I once heard that you should be skeptical of any discipline with the word "science" included. The reasoning is that the addition of "science" is merely a device for enhancing the credibility of a particular discipline. While that comment was made in connection with "social science," it also applies to climate science.
I'm not discussing here whether man-made global warming is real, or is part of other, larger forces, or not happening at all. What I am saying is that the discpline called climate science does not meet my standards for what can be legitimately be considered science.
Here's why: I'm a strict constructionist when it comes to using the "s" word. Scientific theories are established by developing a hypothesis and a model, then verifying them by repeated experiments and control groups. In the case of climate science, researchers don't have that opportunity, for obvious reasons.
It is possible to formulate a model which explains what had been observed, but that's not the same as proving it to be scientifically valid. Just because you can explain something doesn't mean your explanation is correct. After all, astronomers were able to use the Earth-centric Ptolemaic model of the Universe to accurately predict the position and motion of Earth, moon and stars. But that theory was superseded by the better Sun-centric Copernican model on which we now rely.
Einstein provides many excellent examples. In 1905, he developed a unified explanation for the contradictory data of the photoelectric effect, but it was also verified by further tests. In the same year, he published a paper which provided an explanation for the observed data on the Brownian motion of particles using an energy-partitioning thermal perspective.
For verification, Einstein used well-known oil-drop data and came up with a value for Avogadro's number that agreed closely with its long established value. Since Einstein used a radically different approach to determine that fundamental number, his method represented fairly good verification, but it was still not 100-percent proof that he was correct.
The real proof was when Einstein's Theory of General Relativity predicted an occurrence that others hadn't anticipated or observed. In this case, one consequence of general relativity was that the mass of an object would bend passing light. Years later, astronomers were able to confirm this and the amount Einstein's theory predicted. They used data from a total eclipse where the sun deflected light from stars with apparent positions located close to the Sun's edge.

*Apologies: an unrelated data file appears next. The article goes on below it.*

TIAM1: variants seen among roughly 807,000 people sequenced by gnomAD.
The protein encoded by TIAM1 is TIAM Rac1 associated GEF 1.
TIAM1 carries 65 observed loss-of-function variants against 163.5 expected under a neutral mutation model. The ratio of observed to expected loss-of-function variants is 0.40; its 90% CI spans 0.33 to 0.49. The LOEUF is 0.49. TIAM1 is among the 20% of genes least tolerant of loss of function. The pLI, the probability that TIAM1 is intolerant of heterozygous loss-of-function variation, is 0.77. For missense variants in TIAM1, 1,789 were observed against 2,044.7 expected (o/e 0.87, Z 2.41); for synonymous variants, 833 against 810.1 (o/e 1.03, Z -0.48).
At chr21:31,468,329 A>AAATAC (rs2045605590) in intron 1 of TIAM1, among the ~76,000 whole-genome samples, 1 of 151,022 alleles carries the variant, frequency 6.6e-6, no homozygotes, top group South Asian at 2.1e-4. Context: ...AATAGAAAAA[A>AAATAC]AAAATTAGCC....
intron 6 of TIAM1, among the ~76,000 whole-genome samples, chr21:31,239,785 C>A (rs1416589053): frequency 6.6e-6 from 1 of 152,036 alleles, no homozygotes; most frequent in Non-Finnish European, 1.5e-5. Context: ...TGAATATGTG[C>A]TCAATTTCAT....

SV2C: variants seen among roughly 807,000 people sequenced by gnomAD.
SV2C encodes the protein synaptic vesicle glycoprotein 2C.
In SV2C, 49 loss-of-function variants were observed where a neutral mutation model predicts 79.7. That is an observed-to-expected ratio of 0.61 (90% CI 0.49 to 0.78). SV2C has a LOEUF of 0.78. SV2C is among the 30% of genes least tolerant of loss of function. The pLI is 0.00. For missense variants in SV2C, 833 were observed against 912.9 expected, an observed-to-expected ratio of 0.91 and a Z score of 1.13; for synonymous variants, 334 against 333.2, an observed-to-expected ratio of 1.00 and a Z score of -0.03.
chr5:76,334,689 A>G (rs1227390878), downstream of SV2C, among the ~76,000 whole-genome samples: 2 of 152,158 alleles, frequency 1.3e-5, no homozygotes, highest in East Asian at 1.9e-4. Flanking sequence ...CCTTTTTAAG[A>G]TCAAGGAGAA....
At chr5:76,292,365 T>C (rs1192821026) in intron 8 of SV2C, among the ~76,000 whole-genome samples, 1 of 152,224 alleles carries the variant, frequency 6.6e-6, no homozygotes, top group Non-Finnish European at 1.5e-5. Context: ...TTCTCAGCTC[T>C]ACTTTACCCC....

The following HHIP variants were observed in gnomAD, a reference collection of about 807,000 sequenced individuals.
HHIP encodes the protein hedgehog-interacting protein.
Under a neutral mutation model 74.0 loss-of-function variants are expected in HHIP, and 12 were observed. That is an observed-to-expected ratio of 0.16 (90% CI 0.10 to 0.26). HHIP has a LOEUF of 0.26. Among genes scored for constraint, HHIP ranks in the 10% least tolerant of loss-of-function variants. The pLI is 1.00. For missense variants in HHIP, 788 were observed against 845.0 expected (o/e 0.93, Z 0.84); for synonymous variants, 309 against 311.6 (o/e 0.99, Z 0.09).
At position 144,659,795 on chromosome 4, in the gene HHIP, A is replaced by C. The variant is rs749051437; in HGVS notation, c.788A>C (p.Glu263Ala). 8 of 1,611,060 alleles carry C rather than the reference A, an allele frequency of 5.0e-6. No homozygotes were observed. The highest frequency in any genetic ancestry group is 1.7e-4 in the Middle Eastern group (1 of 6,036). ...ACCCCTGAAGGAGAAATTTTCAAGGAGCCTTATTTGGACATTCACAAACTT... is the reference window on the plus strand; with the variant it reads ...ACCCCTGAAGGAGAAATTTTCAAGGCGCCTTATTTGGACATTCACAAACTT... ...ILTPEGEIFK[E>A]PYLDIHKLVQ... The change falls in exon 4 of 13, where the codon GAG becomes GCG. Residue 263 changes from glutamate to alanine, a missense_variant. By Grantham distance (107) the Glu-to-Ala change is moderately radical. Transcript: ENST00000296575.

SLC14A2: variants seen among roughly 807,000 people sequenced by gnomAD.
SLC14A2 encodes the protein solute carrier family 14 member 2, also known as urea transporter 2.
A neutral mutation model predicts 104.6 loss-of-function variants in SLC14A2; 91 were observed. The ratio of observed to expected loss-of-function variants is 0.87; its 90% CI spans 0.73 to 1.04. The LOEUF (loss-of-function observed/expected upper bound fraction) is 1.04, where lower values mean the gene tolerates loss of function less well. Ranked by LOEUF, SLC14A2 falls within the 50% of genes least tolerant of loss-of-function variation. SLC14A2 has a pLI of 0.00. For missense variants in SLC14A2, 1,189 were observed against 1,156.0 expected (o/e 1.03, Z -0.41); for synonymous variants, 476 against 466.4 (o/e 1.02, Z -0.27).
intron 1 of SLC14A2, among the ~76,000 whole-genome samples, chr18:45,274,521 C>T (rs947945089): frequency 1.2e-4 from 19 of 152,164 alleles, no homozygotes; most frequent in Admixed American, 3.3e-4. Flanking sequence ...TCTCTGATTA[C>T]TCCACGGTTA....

The real test of a theory is not only its ability to credibly explain what we see, and to resolve inconsistencies, but to predict things that no one has yet seen. Due to the constraints of having only one Earth and our inability to run controlled experiments on it, climate researchers can't do that. Yes, they can predict the localized weather for the next few days, and with increasing accuracy. This implies that such small-scale models and their cause-and-effect links are probably correct.
This capability is not available for long-term climate research. Therefore, it isn't science.
You may ask: What about astrophysics? Since we can't set up tests or control the actions of the universe and its bodies, is it really science?
I'd say yes. The astrophysics community proposes theories and then tests them by observing many different stars, which provides some level of confidence. More significantly, astrophysicists also make predictions such as, "If we see 'A' coming from that neutron star, then by our theory we should also see this quantity of 'B'." If they don't see "B" as predicted, something is wrong. I don't see such correlation possibilities in climate research.
So, is man-made climate change happening or not? I don't know, nor do I think anyone really knows. But I am skeptical when proponents of a theory look at the data and rationalize what they see to fit their hypothesis.
Climate researchers point to "up" data as confirming their theory, while dismissing "down" data as mere noise or localized fluctuations within the bigger picture. In other words, all data—whether up or down--maps to the desired conclusion.
If that's your approach to data analysis, don't call it "science." Actually, why even bother examing the data at all?